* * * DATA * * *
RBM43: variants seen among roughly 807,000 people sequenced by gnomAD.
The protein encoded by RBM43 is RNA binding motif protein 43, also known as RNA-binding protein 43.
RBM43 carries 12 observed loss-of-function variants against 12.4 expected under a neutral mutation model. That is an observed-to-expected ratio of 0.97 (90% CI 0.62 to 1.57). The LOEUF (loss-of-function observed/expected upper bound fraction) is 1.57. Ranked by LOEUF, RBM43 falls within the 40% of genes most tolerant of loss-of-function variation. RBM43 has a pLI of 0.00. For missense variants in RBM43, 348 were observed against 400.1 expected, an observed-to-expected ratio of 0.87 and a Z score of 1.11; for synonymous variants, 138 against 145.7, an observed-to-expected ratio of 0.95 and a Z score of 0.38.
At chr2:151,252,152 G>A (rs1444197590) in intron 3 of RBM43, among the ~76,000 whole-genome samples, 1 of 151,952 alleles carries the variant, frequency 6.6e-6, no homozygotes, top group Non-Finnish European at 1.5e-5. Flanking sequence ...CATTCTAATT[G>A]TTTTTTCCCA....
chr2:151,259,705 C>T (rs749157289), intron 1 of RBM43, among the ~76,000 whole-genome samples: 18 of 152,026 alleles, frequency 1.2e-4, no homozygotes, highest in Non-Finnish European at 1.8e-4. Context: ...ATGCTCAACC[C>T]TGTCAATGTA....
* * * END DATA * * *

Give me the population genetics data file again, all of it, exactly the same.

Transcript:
RBM43: variants seen among roughly 807,000 people sequenced by gnomAD.
The protein encoded by RBM43 is RNA binding motif protein 43, also known as RNA-binding protein 43.
RBM43 carries 12 observed loss-of-function variants against 12.4 expected under a neutral mutation model. That is an observed-to-expected ratio of 0.97 (90% CI 0.62 to 1.57). The LOEUF (loss-of-function observed/expected upper bound fraction) is 1.57. Ranked by LOEUF, RBM43 falls within the 40% of genes most tolerant of loss-of-function variation. RBM43 has a pLI of 0.00. For missense variants in RBM43, 348 were observed against 400.1 expected, an observed-to-expected ratio of 0.87 and a Z score of 1.11; for synonymous variants, 138 against 145.7, an observed-to-expected ratio of 0.95 and a Z score of 0.38.
At chr2:151,252,152 G>A (rs1444197590) in intron 3 of RBM43, among the ~76,000 whole-genome samples, 1 of 151,952 alleles carries the variant, frequency 6.6e-6, no homozygotes, top group Non-Finnish European at 1.5e-5. Flanking sequence ...CATTCTAATT[G>A]TTTTTTCCCA....
chr2:151,259,705 C>T (rs749157289), intron 1 of RBM43, among the ~76,000 whole-genome samples: 18 of 152,026 alleles, frequency 1.2e-4, no homozygotes, highest in Non-Finnish European at 1.8e-4. Context: ...ATGCTCAACC[C>T]TGTCAATGTA....